two women disagreeing with each other (illustrating an article about dealing with conflict)I know so many women (and men), including many in leadership positions, who do not know how to handle conflict. So, they avoid it at any cost, which, unfortunately, leads to organizational and relational issues. Or, they get defensive and escalate the conflict, which also leads to organizational and relational issues. We mediate conflict between our kids all the time — but when it comes to adult relationships, we find it much harder.

I don’t claim to be an expert at conflict management, but I’ve learned over the years that relationships work better when you’re willing to dig in and work through things. These are some of the lessons I’ve learned (many the hard way) over the years:

Don’t avoid the conflict

When there’s conflict in a situation, everyone knows it. It’s immature and not helpful to avoid it entirely. It builds trust to be able to address it without getting defensive or aggressive. When you ignore it, it festers or destroys trust and relationships. As a caveat, sometimes an internal processor needs space and time, so don’t force the issue — but create space to deal with it when they’re ready.

Name the conflict and stick to just the one conflict at hand

I had a family member growing up who, anytime there was conflict, would recite the full litany of all the things the other person had ever done wrong in their lifetime. It was exhausting and infuriating, and the conflict always snowballed. Stick to the one issue at hand, not the history. Be specific in naming the issue, and use “I” statements instead of “you” statements. Avoid “always” and “never” whenever possible.

Rather than make assumptions, ask questions

Rather than assume someone is mad at you, ask direct but kind questions. “It seems like you’re frustrated with me. Am I reading that correctly?” Or, “I get the sense that X is causing issues. Is that right? Do you have any suggestions for what we could do better there?”

Accept responsibility wherever you can, but not for the things you can’t

Humility and a willingness to acknowledge you haven’t done everything perfectly — that there is room for growth — go a long way in building trust, even if the ultimate conclusion is not what the person wanted. Look for your own culpability first, and be willing to acknowledge it. Be specific. In the same vein, unless you have holistically goofed, you don’t want to swing the other way and just blanket apologize for everything. That’s not actually helpful either. The blanket apology actually just says, “I’m not sure what I did wrong, but I’d like to avoid this conflict at all costs.”

To the best of your ability, don’t make it personal

We’re human. We (all) get a little defensive when someone doesn’t like something about us or our decisions or policies. But most conflicts can be isolated to an event, statement, difference of opinion, or external circumstance. In other words, most conflicts don’t have to be personal. This is where it’s incredibly helpful to name the conflict, specifically. Rather than, “She doesn’t like me,” remind yourself that, “She doesn’t like that curriculum choice” or, “She doesn’t like how I handled that decision.” In both of those circumstances, the subject of the sentence is an event or a decision, not you personally.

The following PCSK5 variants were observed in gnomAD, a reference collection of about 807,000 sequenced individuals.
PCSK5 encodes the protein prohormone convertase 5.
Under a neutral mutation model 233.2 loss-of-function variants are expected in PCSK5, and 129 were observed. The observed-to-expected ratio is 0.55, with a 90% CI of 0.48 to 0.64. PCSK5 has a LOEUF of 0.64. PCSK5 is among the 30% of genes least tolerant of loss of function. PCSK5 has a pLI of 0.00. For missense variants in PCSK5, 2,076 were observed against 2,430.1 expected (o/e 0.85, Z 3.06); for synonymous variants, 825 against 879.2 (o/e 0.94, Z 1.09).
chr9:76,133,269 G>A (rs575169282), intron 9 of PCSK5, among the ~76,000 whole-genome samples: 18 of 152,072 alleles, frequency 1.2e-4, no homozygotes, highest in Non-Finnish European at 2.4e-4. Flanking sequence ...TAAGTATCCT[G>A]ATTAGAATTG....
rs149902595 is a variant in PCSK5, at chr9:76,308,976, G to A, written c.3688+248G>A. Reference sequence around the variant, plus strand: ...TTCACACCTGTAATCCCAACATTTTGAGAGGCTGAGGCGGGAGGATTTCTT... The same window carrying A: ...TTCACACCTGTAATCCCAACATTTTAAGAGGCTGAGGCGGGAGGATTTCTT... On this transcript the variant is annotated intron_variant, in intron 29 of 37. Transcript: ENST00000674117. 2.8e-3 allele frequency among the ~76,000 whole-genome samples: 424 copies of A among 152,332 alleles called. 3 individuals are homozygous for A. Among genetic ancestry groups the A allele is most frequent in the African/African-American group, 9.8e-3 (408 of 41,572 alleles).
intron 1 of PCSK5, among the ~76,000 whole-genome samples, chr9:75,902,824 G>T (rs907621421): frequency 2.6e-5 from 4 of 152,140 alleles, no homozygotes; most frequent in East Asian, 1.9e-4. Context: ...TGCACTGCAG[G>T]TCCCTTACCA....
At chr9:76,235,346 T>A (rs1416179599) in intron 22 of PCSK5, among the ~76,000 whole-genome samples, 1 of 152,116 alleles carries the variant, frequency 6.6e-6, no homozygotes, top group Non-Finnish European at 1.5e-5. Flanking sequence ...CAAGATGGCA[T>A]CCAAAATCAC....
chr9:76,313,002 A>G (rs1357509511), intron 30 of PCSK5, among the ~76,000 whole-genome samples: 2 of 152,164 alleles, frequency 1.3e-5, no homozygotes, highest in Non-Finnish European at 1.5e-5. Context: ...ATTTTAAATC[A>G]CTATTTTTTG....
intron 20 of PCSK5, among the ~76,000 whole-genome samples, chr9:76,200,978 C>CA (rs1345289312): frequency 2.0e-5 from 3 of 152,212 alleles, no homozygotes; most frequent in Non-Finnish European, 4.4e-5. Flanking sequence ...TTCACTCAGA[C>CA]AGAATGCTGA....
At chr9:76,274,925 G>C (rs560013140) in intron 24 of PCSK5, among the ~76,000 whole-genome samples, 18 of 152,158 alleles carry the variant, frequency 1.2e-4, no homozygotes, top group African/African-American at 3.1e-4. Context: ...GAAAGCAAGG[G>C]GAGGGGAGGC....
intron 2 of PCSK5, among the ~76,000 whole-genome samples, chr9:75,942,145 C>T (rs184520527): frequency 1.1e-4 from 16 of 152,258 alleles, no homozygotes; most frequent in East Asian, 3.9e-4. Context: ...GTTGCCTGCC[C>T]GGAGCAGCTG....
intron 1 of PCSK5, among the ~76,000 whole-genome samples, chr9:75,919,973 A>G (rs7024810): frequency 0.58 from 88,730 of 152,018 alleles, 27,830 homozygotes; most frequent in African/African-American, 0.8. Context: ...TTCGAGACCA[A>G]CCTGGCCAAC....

Don’t be afraid to say, “I need to think about that” or, “Can I get back to you?”

Oftentimes, the biggest obstacle to handling organizational conflict is simply not knowing what the best way forward is. So we avoid the conflict until we “have it all figured out.” But that leaves the other person feeling hung out to dry. Wherever possible, try to respond quickly and succinctly to let the other person know they are heard. So often we feel the pressure of time to have an answer completely and instantaneously, whereas so often we can handle it with so much more wisdom and humility if we take a little time to reflect.

And, most importantly,

Don’t be afraid to say “I’m sorry” if you messed up

You will never fully resolve any conflict if you are unwilling to say an authentic, “I’m sorry” when you’ve messed up. And when you step into conflict, you will mess up. Humility builds trust and knits together relationships.

Conflict can be scary, but we can handle it so much better by being willing to step in with grace and humility!

Kristen is Southern by birth but has called Boston home since 2008. Unlike most Boston natives, she still really loves the snow and cold. She and her husband have two energetic and kind sons (2013, 2014) and a sassy, smart baby girl (2016). Kristen jokes that she has a master's degree in laundry and a PhD in child conflict resolution — which she uses far more than her actual physics and politics degrees. After seven years as a stay-at-home mom, Kristen went back to work full-time in 2021 as a program coordinator for a research lab at Boston Children’s Hospital. In her "spare" time, she runs her own business (Murph&Moose), serves on multiple alumni committees for her alma mater, and runs half marathons. Her passion is seeing moms feel comfortable in their own skin and less alone in the chaos that is motherhood. Loves: gardening, science, languages, coffee by the vat, running, time with her girlfriends, and the rare moments of silence when all three children are (finally) in bed Dislikes: daylight saving time, non-washable markers, and noisy neighbors who disrupt her rare moments of silence